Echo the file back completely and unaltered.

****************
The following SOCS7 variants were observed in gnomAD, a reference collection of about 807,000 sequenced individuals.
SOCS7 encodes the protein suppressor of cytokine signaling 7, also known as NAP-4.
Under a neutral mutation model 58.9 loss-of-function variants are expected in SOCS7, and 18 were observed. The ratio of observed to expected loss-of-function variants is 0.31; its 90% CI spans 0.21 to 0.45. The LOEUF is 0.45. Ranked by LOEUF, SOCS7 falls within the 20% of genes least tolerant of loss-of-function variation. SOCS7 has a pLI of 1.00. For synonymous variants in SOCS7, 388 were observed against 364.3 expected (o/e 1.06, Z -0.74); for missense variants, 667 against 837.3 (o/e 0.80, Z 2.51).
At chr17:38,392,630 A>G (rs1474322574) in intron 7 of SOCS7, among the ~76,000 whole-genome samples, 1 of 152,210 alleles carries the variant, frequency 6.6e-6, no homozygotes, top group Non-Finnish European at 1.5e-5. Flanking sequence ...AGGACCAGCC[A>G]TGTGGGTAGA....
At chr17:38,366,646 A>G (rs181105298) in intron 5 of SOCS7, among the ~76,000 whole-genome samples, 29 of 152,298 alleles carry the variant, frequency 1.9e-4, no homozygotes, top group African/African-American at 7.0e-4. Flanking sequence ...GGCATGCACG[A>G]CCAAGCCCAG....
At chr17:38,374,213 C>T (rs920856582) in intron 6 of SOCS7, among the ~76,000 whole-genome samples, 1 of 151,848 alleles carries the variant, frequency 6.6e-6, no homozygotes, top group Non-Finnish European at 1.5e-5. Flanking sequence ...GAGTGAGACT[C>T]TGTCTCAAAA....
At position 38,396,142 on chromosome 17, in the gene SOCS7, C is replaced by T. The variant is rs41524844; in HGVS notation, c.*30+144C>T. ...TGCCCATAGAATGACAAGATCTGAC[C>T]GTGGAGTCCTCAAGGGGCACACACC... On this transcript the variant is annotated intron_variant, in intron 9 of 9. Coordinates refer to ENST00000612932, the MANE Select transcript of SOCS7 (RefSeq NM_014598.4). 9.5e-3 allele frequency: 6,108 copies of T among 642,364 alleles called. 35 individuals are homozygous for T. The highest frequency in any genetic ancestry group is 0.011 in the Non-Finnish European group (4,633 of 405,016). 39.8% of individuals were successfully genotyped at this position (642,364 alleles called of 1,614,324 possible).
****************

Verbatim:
The following SOCS7 variants were observed in gnomAD, a reference collection of about 807,000 sequenced individuals.
SOCS7 encodes the protein suppressor of cytokine signaling 7, also known as NAP-4.
Under a neutral mutation model 58.9 loss-of-function variants are expected in SOCS7, and 18 were observed. The ratio of observed to expected loss-of-function variants is 0.31; its 90% CI spans 0.21 to 0.45. The LOEUF is 0.45. Ranked by LOEUF, SOCS7 falls within the 20% of genes least tolerant of loss-of-function variation. SOCS7 has a pLI of 1.00. For synonymous variants in SOCS7, 388 were observed against 364.3 expected (o/e 1.06, Z -0.74); for missense variants, 667 against 837.3 (o/e 0.80, Z 2.51).
At chr17:38,392,630 A>G (rs1474322574) in intron 7 of SOCS7, among the ~76,000 whole-genome samples, 1 of 152,210 alleles carries the variant, frequency 6.6e-6, no homozygotes, top group Non-Finnish European at 1.5e-5. Flanking sequence ...AGGACCAGCC[A>G]TGTGGGTAGA....
At chr17:38,366,646 A>G (rs181105298) in intron 5 of SOCS7, among the ~76,000 whole-genome samples, 29 of 152,298 alleles carry the variant, frequency 1.9e-4, no homozygotes, top group African/African-American at 7.0e-4. Flanking sequence ...GGCATGCACG[A>G]CCAAGCCCAG....
At chr17:38,374,213 C>T (rs920856582) in intron 6 of SOCS7, among the ~76,000 whole-genome samples, 1 of 151,848 alleles carries the variant, frequency 6.6e-6, no homozygotes, top group Non-Finnish European at 1.5e-5. Flanking sequence ...GAGTGAGACT[C>T]TGTCTCAAAA....
At position 38,396,142 on chromosome 17, in the gene SOCS7, C is replaced by T. The variant is rs41524844; in HGVS notation, c.*30+144C>T. ...TGCCCATAGAATGACAAGATCTGAC[C>T]GTGGAGTCCTCAAGGGGCACACACC... On this transcript the variant is annotated intron_variant, in intron 9 of 9. Coordinates refer to ENST00000612932, the MANE Select transcript of SOCS7 (RefSeq NM_014598.4). 9.5e-3 allele frequency: 6,108 copies of T among 642,364 alleles called. 35 individuals are homozygous for T. The highest frequency in any genetic ancestry group is 0.011 in the Non-Finnish European group (4,633 of 405,016). 39.8% of individuals were successfully genotyped at this position (642,364 alleles called of 1,614,324 possible).